Snackbar Games’ 2011 Games of the Year

January 2, 2012

Here it is: our consensus pick for the best game of 2011, as well as our runners-up and honorable mentions.

Andrew Passafiume: I never would have expected a compelling story from Portal 2, at least not on top of the slickly presented and well-designed puzzles. But it manages to create a tale that is not only funny, but also one that sticks with you long after the credits roll. If we had an award for “best ending sequence in a game,” I’m sure this would win it without question.

Graham Russell: I can’t enjoy a game’s story anymore, because it isn’t as well-crafted as Portal 2‘s. And this thing is a puzzle game. There’s something to be said for simplicity, and the game does it well by keeping the core simple and taking the time to add little flourishes as you go: the defective turrets, the wall paintings and the idle dialogue make for a game that was treated with the utmost of care.

Justin Last: Valve has created something wonderful in Portal 2. The puzzles are fun without being frustrating, the new mechanics are interesting (I am especially fond of the light bridges), and the story and voice work are both superb. More things need to feature J.K. Simmons and Stephen Merchant – their performances elevate Portal from fun game to great experience.


Justin Last: I love Zelda, and it has finally showed up on the Wii the way we all hoped it would when Nintendo first started showing off the Wii Remote. Skyloft is amazing, combat is more puzzle-focused making duels more meaningful than they have been in past games, and the look is amazing. Skyward Sword may have taken the spot for me as my favorite Zelda game ever.

Chris Ingersoll: Whether you like it or not, Skyward Sword will forever change the way that future console Zelda titles are played. The use of Motion+ to have Link accurately mimic your movements (more or less) gave birth to some truly epic battles, both from bosses (as expected) and from a large number of regular enemies as well (less expected, but much welcomed). The sheer quality that comes through every time that green tunic and cap are donned cannot be denied. Skyward Sword stands among the greatest titles in the franchise — even at the very apex, for some players — which says it all, really.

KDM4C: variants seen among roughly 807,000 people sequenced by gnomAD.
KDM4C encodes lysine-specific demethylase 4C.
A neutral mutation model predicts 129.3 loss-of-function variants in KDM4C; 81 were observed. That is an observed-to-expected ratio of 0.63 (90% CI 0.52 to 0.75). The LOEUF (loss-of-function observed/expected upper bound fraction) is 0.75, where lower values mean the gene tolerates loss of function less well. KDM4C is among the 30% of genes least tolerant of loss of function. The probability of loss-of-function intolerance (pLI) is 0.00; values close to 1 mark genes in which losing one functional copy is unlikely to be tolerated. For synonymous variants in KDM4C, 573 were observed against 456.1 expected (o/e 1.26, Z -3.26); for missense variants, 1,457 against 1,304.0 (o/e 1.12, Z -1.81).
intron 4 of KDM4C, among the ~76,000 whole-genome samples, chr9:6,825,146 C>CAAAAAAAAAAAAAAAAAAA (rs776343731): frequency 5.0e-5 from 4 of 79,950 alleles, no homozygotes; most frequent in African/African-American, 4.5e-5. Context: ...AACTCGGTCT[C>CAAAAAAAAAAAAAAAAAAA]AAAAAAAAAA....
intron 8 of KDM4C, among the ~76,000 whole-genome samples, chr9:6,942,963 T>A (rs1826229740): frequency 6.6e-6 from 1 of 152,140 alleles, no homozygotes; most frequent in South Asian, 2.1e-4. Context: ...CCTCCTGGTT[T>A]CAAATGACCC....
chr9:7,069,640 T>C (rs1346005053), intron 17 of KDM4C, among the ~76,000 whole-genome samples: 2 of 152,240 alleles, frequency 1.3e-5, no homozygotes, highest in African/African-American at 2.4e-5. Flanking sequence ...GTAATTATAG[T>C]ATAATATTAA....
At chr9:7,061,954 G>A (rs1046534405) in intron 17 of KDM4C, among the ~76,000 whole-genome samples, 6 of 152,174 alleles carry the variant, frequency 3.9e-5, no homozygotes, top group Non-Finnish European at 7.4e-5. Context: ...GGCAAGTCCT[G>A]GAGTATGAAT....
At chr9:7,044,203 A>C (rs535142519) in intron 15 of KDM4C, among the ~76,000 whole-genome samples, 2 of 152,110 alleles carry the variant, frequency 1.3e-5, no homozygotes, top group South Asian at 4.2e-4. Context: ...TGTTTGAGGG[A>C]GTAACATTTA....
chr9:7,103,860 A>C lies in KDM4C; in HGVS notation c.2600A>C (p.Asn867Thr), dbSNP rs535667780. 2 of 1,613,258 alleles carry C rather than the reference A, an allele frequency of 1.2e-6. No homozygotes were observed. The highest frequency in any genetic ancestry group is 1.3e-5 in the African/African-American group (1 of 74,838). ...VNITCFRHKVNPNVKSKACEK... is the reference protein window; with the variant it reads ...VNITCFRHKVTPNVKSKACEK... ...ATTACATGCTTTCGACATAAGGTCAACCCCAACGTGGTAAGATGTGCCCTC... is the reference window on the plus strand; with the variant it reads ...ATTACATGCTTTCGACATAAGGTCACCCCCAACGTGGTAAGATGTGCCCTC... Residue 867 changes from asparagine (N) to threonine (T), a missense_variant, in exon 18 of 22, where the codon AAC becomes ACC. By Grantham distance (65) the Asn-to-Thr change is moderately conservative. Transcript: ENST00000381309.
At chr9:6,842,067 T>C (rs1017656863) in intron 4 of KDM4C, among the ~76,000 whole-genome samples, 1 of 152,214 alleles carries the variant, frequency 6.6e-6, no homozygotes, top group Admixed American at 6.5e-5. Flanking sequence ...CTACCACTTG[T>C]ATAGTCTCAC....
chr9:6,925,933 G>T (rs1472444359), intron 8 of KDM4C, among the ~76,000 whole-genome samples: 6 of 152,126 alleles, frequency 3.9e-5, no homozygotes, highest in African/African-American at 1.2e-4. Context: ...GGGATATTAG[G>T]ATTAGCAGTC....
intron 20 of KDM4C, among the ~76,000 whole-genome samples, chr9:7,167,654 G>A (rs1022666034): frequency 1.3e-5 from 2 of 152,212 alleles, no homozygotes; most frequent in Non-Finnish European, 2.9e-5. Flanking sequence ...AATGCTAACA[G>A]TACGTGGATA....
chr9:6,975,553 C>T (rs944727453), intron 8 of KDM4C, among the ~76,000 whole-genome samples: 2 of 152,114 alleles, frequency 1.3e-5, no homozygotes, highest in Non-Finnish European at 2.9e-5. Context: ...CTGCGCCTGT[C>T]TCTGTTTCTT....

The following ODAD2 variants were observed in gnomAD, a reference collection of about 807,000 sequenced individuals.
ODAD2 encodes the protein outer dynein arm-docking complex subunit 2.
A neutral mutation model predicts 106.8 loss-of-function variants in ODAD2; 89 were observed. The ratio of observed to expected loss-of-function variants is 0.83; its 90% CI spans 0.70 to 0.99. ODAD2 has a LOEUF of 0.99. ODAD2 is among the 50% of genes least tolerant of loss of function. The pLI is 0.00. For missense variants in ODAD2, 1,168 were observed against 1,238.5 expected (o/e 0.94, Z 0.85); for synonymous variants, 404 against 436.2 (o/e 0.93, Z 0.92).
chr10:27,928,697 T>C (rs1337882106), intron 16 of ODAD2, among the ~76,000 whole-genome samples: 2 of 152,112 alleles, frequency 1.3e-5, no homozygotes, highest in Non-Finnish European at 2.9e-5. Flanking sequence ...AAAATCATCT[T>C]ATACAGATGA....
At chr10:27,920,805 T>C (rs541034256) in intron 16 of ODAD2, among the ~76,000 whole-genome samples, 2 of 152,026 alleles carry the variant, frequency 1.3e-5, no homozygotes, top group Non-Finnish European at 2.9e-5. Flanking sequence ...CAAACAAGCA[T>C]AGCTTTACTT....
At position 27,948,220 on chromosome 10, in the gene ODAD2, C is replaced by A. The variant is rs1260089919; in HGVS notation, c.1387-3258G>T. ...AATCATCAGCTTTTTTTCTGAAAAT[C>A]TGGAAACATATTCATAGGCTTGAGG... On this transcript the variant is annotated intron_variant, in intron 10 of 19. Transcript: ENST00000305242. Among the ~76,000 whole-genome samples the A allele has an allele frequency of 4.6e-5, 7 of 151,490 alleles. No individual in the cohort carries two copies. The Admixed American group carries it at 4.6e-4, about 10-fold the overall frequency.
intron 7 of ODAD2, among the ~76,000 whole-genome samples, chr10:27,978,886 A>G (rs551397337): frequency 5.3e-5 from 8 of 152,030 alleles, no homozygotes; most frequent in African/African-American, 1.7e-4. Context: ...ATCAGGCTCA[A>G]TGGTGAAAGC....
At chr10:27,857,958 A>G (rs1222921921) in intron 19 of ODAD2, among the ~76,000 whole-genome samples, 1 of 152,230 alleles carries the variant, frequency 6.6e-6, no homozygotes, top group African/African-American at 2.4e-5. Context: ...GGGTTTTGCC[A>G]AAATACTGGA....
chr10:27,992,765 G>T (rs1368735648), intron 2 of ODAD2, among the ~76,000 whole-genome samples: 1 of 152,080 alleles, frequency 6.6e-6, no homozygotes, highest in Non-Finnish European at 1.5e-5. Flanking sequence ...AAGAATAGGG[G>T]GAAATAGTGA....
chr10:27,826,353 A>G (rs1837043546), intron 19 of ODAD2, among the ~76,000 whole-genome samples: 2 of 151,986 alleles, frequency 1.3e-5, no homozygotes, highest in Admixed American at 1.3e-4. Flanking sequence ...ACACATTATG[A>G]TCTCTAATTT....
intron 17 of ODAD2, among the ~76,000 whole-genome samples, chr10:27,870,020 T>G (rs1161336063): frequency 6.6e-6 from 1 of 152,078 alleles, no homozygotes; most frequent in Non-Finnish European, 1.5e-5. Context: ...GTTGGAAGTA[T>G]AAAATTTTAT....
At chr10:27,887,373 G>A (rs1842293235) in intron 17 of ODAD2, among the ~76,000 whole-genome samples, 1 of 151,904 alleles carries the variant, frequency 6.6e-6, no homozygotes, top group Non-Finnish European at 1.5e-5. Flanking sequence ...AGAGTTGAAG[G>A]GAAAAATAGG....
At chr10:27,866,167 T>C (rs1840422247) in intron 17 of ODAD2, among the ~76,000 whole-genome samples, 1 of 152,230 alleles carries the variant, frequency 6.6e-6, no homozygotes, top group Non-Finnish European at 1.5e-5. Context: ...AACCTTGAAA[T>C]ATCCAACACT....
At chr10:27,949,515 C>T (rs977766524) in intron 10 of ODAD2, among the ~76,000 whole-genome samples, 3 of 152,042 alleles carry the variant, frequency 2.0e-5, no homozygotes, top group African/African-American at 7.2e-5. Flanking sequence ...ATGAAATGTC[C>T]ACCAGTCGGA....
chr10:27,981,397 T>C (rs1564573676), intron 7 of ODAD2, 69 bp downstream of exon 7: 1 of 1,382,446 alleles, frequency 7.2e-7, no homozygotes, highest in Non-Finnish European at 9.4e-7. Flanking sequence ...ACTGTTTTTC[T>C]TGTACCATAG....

Shawn Vermette: Nearly every complaint we’ve ever seen from Oblivion and Fallout 3 has been addressed in some manner here. There’s really not a single drawback to Skyrim that I could find, save the fact that it is so enjoyable that just exploring and doing random stuff will surely eat up several weeks of your life.

Andrew Passafiume: It’s not perfect (what game is?), but Skyrim demonstrates that Bethesda can still create an amazing world to explore while still making necessary changes to the formula that only help improve the series in the long run.  I said it before, and I’ll say it again: this is Bethesda’s masterpiece. Everything they’ve worked towards since the original Elder Scrolls game has finally been shown to its full extent here.


Batman: Arkham City

Andrew Passafiume: Arkham Asylum introduced us to a Batman game that was complex, full of fun mechanics and plenty of cool environments to explore. While Arkham City doesn’t change up the formula all that much, it tweaks everything that was great about the original just enough to make it seem fresh and original once again. Combine that with the larger, open city to explore and a glide mechanic that makes traversing an open world fun and you have an action game that’s hard to beat.

Radiant Historia

Chris Ingersoll: There have been a staggering number of amazing RPGs on the DS, but Radiant Historia sized up the competition and then smacked them around its crazy-fun grid-based battle system before knocking them into an alternate timeline. Making turn-based RPG combat fun is no mean feat, and Radiant Historia combines that with an ambitious storyline that explores two entwined realities and a memorable cast of characters to create an experience that will be long remembered.

Uncharted 3: Drake’s Deception

Paul Bishop: What a perfect end to a trilogy. While Uncharted 2 floundered a little, Drake’s Deception more than makes up for it in the end. As I have said before, Uncharted is simply the closest thing to playing a movie, and those movie moments are spectacular. Humor, action and platforming work so well to create the perfect game. Now just cast Nathan Fillion and create the first great video game movie adaptation, Hollywood.